Many university students' subject choice is swayed by their peers. But at what price? Giacomo De Giorgi (Stanford), Michele Pellizzari (IGIER-Bocconi) and Silvia Redaelli (Bocconi) find it is quite sizeable, in their new paper Be As Careful of the Books You Read as of the Company You Keep. Evidence on Peer Effects in Educational Choices (PDF). They find that peers’ behavior does have an important and significant effect on the choice of college major:
Using a unique dataset of students at Bocconi University and exploiting the peculiar organization of teaching at this institution, we are able to identify the endogenous effect of peers on such decision, circumventing the crucial identification problems in studies of social interactions.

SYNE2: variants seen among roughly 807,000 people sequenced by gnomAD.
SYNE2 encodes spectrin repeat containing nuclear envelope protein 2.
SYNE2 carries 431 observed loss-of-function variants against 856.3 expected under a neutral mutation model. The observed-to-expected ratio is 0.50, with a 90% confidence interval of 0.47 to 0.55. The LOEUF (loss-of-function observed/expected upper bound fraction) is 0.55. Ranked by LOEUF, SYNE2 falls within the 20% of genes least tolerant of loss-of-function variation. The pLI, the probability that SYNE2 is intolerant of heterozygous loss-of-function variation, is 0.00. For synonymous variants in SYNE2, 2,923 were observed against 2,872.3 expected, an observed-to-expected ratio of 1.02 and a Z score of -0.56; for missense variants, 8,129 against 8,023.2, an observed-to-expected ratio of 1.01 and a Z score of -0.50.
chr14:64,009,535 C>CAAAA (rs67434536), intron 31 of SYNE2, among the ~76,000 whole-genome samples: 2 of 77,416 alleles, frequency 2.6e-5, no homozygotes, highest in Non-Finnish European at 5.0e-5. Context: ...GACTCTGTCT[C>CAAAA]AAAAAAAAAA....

Results show that, indeed, one is more likely to choose a major when many of his/her peers make the same choice. We estimate that, when it diverts students from majors in which they seem to have a relative ability advantage, this effect leads to lower average grades and graduation mark, a penalty that in the labor market could cost up to 871 euros (1,117 USD) a year.
For those in England, you can catch Michele Pellizzari present the paper next Monday afternoon, 5 March, at an ISER Seminar at the University of Essex.